Awakening to the spirit and beauty of the northern Great Plains
Friday, August 27, 2010
More birds from summer travels--Okanagan
View of Vaseaux Lake and McIntyre Bluff
On a family vacation to the Okanagan in August, I had a bit of the blind luck that sometimes enters the life of a naturalist. My wife Karen and daughter Maia and I were reading quietly on a stony beach along Okanagan Lake one morning and a bird flew in at our feet. Thinking more about vineyards and wineries than birds at the time, I was actually reading Roadside Nature Tours through the Okanagan A Guide to British Columbia's Wine Country, a book by one of Canada's most prominent bird experts, Dick Cannings. The bird that made me look up from my book was feeding on the beach only six feet away from me and seemed not to notice or mind us there. "Hello, what are you doing here?" As the words came out I realized I was looking at a Surfbird, a species that belongs on the Pacific Coast and not the interior of B.C. I called Dick and though he put out the alert to others, it was not seen again. Luckily it stayed long enough for me to run and get the camera, proving a first record for the species in the Okanagan.
A couple of days later Dick invited us to visit the Vaseaux Lake Bird Observtory in the southern Okanagan next to one of the most picturesque bodies of water in the valley.
Here is Doug Brown (right), who runs the station, watching Allan, a volunteer, remove a bird from the mist net.
Just as Karen, Maia and I arrived, Doug and Allan came back from making their rounds to the nets. After entering the screen tent where they do the banding Doug opened one of his little cotton sacks (they always remind me of Rusty the Rooster's home on The Friendly Giant), and pulled out this lovely Yellow Breasted Chat. The B.C. population of chats is listed as Threatened based on work done by Dick. We felt fortunate to see one in the hand--and to watch a skilled bander like Doug work so rapidly and efficiently with the birds.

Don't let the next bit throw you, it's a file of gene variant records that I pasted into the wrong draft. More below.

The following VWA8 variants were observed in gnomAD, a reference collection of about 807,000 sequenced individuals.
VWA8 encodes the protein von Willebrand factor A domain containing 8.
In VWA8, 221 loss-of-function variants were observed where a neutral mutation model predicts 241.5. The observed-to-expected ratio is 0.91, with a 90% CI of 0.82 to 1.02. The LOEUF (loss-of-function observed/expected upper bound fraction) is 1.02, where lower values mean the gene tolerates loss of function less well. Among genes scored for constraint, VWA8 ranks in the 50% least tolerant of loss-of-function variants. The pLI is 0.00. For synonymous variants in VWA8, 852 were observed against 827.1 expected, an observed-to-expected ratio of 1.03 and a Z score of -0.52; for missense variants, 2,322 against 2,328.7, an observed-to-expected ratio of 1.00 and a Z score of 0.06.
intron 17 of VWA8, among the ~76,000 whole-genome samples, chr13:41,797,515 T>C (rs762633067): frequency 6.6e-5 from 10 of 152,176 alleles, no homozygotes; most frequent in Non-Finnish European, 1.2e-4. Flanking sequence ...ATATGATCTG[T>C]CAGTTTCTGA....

The hat I received earlier in the summer from B.C.'s Grasslands Conservation Council got hung up on one of the support lines for a mist net.
While we watched the bird banding work, Dick was out in the valley bottom running a regular bird survey he does for the station. When he finished, we followed him to a grassland and talus-slope spot where we could listen for Canyon Wrens.
In this photo we are watching for a wren that Dick has managed to call in with his very effective imitation of its descending whistle.
Next to the place where we were straining to see the wren, was this pictograph on a large boulder.
Later Dick toured us through the valley and to White and Green lakes where we saw a flock of Western Bluebirds, some Pygmy Nuthatches and Cassins Finches. Along the way, Dick told me about the the proposed national park for the grasslands of the Okanagan and Similkameen valleys. He sits on an advisory committee for the proposed park, and has been working hard with other B.C. conservationists for many years, making the case for the park and helping landowners and First Nations leaders see the value in having it established. I asked him about the "No National Park" signs we had seen all over the south Okanagan. To us it seemed like there was a strong core of organized opposition.
"No," Dick said,"It's basically just a couple of people who are pressuring landowners to put up the signs. We've done polls that show a strong majority support for the park." Dick is confident that the obstacles remaining in the way of an Okanagan-Similkameen park will fall in coming years, protecting a good chunk of this rare grassland and its many endangered species from the ferocious development pressures the region faces.
Here is what the Parks Canada site has to say about the area set aside for a park under a memorandum of understanding signed between Canada and B.C: "Desert-like ecosystems with sagebrush and cactus are found on valley bottoms, changing at higher elevations to dry forests of ponderosa pine and Douglas-fir, or sub-alpine forest and alpine tundra. This area is one of the most interesting and ecologically diverse parts of Canada, with many native plants and animals, and natural communities found nowhere else in Canada."
[For more information on the park, Okanagan birds and Dick's ventures as a low-carbon, cycling birder, be sure to take a look at his wonderful blog, "Birds and Books".]